Problem Child care providers’ work benefits their own families and all of society. Yet their labor is systematically undervalued. Providers - 96% women and 40% people of color - earn only $23,000 per year on average, despite working 64 hours per week and having over ten years of experience. On top of these challenges, providers face heavy regulatory burdens that make it hard for them to do their jobs. To fund and operate their businesses, providers must navigate a complex maze of funding, licensing, and accrediting agencies, and bear the risk of bureaucratic errors and delays. Each year, providers fail to claim thousands of dollars in available revenue that they desperately need - up to 36% of their annual income. Specifically, providers fail to claim revenue from the following channels: Subsidies: $2100 per year. Government subsidies directly pay providers who care for low-income families. Because of preventable errors and missed deadlines, providers do not claim all the subsidy revenue for which they are eligible. Licensing and Accreditation: $5481 per year. Providers who obtain licenses qualify for a 100% increase in their subsidy reimbursement rate. Providers who meet quality standards qualify for an additional 15-20% increase. However, many providers fail to claim these benefits because of the administrative complexity of qualifying. Business Expense Tracking: $1000 per year. Home-based providers qualify for tax deductions on their business spending. However, many providers do not track their business expenses, and thus are unable to claim these deductions. Providers who serve low-income neighborhoods face the greatest risk of unclaimed revenue and the highest administrative burden, largely because of the challenges of the subsidy program. As a result, providers are discouraged from serving the families who need them most, and they have little time to focus on offering these families high quality education. Solution Pie for Providers streamlines providers’ compliance to increase their income, reduce the time they spend on administration, and make it easier to accept subsidy payments. Key functionality includes: Subsidies. Providers access an online dashboard to easily manage and update their subsidy cases. Text message reminders ensure providers never miss an application deadline. Pre-filled forms ensure applications are complete and accurate. Monthly billing reconciliation ensures payment accuracy. Licensing & Accreditation. Checklists reconcile and prioritize the overlapping requirements of multiple agencies. Policy updates make it easier to track changes in rules. Pre-filled forms save providers time and ensure accuracy. Text message reminders ensure that providers monitor their compliance consistently and efficiently. Expense Tracking. Providers upload receipts or send them via text message. Pie for Providers sends them monthly and annual reports to help with tax accounting and business management. This simple process ensures providers track expenses regularly and completely, so that they can easily claim all the tax deductions for which they qualify. Competitors Few small child care providers use business software, which is typically built for large businesses and does not support government compliance. However, there is a growing interest in serving this market. For example, Wonderschool offers administrative support to those looking to start family child care businesses. KidKare processes Child Care and Adult Food Program reimbursements. The success of KidKare demonstrates that providers use software when it helps them claim much needed funding. Compared to our competitors, Pie for Providers serves a more robust set of compliance needs. We also better serve providers and families in low-income neighborhoods, as exemplified by our focus on subsidies. National Expansion After validating our model in Illinois we will expand nationally. We are targeting states in which the demographics and policy setting will allow us to deliver the highest value to providers. Specifically, we selected states that have high rates of subsidy eligibility, generous subsidy programs, and large, urbanized populations. High priority states include California, Washington, Michigan, Ohio and Georgia. Pie for Providers will operate in five states by 2021. Pie for Providers seeks a $500,000 pre-seed investment, including from the Early Childhood Innovation Prize. This funding will allow us to validate our model in Illinois and build software that supports national expansion. We are projected to break even in July 2019. At that point, we will have a proven business model and software ready to export rapidly to other states.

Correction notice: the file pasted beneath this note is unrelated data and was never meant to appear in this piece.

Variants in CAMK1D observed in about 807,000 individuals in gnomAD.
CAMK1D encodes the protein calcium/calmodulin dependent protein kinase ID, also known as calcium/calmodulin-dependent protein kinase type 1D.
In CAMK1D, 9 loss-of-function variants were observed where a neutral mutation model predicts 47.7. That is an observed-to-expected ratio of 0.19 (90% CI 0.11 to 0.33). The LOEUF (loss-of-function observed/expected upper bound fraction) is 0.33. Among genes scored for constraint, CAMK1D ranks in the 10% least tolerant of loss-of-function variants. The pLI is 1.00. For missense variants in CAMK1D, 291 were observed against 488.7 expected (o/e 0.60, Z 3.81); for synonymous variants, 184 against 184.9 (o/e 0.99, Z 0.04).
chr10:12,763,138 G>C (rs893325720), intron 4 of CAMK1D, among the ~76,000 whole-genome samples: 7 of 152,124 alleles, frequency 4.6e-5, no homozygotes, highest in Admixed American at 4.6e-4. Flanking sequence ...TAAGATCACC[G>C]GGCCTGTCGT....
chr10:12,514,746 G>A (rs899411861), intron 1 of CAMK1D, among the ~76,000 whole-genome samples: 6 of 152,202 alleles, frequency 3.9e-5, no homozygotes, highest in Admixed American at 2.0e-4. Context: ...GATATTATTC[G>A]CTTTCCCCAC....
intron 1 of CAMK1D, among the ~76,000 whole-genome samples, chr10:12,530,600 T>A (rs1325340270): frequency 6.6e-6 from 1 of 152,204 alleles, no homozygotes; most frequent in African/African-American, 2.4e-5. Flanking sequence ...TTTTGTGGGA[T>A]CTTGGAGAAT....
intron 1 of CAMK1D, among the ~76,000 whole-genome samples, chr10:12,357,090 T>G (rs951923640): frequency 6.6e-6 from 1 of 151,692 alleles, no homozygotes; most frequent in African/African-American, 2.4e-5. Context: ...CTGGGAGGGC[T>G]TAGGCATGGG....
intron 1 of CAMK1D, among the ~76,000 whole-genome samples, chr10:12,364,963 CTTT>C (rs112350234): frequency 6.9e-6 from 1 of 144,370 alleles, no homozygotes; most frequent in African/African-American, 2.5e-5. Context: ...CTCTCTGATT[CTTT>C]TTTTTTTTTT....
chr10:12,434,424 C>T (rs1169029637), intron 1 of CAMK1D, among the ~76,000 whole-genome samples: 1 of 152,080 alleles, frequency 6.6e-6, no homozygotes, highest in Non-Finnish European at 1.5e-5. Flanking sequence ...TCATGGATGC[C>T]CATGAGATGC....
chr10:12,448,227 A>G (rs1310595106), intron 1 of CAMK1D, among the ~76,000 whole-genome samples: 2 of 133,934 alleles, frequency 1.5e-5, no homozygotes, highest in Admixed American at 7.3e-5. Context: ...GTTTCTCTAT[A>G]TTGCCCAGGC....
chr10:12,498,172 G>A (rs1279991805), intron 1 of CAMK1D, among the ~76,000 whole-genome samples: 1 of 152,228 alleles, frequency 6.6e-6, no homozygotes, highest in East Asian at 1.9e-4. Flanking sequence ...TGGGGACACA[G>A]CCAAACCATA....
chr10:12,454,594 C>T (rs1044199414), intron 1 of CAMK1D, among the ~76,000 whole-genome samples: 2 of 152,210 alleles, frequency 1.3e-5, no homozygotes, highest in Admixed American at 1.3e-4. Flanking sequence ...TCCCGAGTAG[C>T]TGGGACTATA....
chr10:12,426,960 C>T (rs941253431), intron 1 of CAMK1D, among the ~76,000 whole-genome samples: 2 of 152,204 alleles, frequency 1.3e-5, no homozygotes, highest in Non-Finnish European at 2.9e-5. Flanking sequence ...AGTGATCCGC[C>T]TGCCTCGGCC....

Who benefits? (1500 characters)